CV NEWS FEED // CatholicVote is launching its 2nd annual nationwide St. Michael Novena to protect Catholics in America.
“Our great nation is ruled today by an an anti-Catholic elitist class who not only tolerate anti-Christi bigotry, like we saw on display at Dodger Stadium this year,” noted CatholicVote President Brian Burch, “but they also encourage and celebrate it.”
“That bigotry has given thugs silent permission to carry out actual violence against Catholic churches and symbols,” he added.
The United States has seen a dramatic increase in attacks against Catholic churches, especially since the controversial leak of the Supreme Court’s decision overturning Roe v. Wade in 2022. To date, there have been over 350 attacks on Catholic properties since May 2020.
“Most disturbing is the fact that while violence against pregnancy care centers has slowed, attacks on Catholic churches and sacramentals have only increased in frequency,” reported CatholicVote Field Director Tommy Valentine.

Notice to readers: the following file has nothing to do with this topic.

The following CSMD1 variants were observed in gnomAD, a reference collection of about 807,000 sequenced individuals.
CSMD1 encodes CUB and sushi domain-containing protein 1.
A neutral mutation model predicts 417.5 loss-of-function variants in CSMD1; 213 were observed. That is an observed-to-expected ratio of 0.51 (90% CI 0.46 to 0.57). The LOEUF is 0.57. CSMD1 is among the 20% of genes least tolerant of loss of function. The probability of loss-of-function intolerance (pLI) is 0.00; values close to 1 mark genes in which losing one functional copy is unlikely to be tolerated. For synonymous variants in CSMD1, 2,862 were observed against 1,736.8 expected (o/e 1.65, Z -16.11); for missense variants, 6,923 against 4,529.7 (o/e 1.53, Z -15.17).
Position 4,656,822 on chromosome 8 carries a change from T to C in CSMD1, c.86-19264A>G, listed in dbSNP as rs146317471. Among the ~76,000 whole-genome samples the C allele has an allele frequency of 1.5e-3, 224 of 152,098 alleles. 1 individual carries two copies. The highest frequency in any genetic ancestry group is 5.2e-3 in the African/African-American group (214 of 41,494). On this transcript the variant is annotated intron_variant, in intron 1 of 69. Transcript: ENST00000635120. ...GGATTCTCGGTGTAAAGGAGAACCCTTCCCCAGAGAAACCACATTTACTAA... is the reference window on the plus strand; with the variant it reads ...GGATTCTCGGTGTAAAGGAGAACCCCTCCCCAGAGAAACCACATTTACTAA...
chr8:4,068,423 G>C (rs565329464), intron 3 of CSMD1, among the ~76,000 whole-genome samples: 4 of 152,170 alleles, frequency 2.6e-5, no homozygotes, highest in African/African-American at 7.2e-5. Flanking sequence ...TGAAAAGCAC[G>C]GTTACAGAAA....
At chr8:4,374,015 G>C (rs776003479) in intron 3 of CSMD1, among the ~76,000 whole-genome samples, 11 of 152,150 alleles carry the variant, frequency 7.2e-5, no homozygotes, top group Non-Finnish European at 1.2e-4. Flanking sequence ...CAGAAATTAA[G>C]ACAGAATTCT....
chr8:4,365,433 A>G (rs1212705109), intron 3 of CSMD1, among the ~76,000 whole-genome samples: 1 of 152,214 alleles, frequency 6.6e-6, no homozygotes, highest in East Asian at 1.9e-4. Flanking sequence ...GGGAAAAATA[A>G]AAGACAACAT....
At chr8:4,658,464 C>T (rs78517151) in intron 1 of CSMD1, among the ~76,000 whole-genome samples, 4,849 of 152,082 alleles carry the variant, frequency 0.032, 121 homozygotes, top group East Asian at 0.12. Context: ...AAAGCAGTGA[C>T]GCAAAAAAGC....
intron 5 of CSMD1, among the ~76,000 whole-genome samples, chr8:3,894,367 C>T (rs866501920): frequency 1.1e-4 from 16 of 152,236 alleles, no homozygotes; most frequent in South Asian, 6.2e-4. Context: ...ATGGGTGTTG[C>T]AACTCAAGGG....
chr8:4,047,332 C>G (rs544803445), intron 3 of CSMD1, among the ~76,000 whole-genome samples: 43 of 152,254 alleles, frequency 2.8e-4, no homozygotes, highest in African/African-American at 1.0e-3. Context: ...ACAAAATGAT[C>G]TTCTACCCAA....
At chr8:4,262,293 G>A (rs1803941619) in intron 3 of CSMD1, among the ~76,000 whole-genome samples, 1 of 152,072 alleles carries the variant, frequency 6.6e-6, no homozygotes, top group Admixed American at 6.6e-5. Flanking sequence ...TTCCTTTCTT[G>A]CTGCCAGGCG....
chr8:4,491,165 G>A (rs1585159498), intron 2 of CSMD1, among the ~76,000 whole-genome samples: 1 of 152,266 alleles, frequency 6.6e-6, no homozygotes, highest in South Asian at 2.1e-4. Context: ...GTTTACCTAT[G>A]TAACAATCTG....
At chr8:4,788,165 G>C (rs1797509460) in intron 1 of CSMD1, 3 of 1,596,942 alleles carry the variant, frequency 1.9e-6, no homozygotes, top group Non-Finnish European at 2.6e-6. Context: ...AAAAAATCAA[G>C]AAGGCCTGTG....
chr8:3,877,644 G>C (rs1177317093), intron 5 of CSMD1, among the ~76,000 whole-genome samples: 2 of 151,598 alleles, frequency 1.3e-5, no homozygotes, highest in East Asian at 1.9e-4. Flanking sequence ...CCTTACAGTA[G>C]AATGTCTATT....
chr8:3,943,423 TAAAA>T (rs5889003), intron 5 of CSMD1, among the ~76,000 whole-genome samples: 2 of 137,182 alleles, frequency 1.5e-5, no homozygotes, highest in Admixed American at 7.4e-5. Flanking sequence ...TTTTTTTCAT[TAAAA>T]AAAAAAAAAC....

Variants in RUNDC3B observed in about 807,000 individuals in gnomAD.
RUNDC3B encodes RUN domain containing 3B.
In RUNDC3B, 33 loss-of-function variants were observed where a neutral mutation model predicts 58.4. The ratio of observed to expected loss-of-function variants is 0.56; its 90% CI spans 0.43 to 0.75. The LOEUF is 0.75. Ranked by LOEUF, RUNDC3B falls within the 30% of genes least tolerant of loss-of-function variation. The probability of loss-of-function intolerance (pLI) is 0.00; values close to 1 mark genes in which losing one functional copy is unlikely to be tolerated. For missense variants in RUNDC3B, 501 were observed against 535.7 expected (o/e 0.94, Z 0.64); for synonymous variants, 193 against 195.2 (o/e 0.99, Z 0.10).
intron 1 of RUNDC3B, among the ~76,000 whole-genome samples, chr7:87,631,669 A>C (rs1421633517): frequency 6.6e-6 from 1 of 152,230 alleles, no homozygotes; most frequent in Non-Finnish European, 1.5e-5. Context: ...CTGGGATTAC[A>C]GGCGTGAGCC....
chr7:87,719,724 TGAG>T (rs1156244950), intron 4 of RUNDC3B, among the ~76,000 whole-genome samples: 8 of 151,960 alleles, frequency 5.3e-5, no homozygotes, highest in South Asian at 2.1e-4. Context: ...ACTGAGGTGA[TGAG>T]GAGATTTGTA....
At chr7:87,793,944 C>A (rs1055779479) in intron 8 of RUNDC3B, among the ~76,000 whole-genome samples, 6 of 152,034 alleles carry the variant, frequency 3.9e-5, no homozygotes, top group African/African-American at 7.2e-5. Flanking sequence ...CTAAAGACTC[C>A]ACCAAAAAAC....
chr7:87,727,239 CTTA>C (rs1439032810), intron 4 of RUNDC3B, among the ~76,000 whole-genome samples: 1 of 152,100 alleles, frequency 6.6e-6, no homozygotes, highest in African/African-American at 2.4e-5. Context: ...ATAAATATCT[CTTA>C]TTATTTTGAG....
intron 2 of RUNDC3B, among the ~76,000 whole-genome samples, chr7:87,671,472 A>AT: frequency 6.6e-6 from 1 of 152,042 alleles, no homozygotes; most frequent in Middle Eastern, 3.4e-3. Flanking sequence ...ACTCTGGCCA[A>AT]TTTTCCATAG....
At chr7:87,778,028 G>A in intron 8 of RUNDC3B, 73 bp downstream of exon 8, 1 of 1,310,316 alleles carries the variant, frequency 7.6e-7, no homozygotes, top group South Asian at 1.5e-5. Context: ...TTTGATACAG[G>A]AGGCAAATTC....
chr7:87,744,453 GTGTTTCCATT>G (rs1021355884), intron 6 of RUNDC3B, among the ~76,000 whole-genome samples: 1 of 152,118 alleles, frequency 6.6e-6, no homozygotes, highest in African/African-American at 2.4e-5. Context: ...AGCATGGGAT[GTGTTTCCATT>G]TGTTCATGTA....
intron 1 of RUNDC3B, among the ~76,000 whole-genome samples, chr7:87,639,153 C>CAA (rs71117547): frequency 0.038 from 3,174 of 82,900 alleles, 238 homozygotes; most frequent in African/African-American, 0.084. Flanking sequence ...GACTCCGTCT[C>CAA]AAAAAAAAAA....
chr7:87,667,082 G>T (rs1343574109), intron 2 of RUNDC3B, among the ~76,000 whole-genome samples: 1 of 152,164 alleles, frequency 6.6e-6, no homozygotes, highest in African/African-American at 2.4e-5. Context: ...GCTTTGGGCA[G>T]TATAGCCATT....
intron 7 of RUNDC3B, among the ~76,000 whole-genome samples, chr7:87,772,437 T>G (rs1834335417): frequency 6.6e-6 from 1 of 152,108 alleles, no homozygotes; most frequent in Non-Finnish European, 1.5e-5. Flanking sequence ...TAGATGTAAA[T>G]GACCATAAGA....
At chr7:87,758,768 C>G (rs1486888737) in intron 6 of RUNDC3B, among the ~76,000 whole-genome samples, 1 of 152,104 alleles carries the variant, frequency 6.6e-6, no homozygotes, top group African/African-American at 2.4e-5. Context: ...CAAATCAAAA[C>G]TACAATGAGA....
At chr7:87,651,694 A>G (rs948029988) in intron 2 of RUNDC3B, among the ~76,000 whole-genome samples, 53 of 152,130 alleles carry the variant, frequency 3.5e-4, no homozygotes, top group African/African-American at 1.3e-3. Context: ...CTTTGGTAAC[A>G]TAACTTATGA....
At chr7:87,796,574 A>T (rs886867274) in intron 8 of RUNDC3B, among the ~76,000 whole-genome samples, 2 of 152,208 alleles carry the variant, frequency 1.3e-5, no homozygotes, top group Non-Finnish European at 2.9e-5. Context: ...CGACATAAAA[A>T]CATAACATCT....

The novena will begin on September 20 and end on the feast day of St. Michael the Archangel. The novena intends to draw Catholics from across the country together to pray for an end to the violence.
“Catholics have always gone to St. Michael, the prince of the archangels, to help them in battle,” commented Joshua Mercer, editor of the LOOP:
We know that the anger and violence we see against our faith comes from the prevailing influence of the lies of the evil one. Abortion and the blasphemies of hate groups like the Sisters of Perpetual Indulgence open human beings up to the influence of the fallen angels, so we’re asking the prince of angels to fight for us.
Each day of the novena promotes a special intention, and there will be days dedicated to specific parishes that have suffered vandalism, to Catholics who work in the trenches to support women and families, and to leaders in politics and in the Church.
Catholics can sign up to receive special access to the entire set of prayers. They will also get a daily email throughout the novena to remind them to pray.
“Everything we do must begin with prayer,” Burch said in a statement. “This is the entire message of the Gospel: the battle belongs to the Lord. The battle for America’s soul is no different.”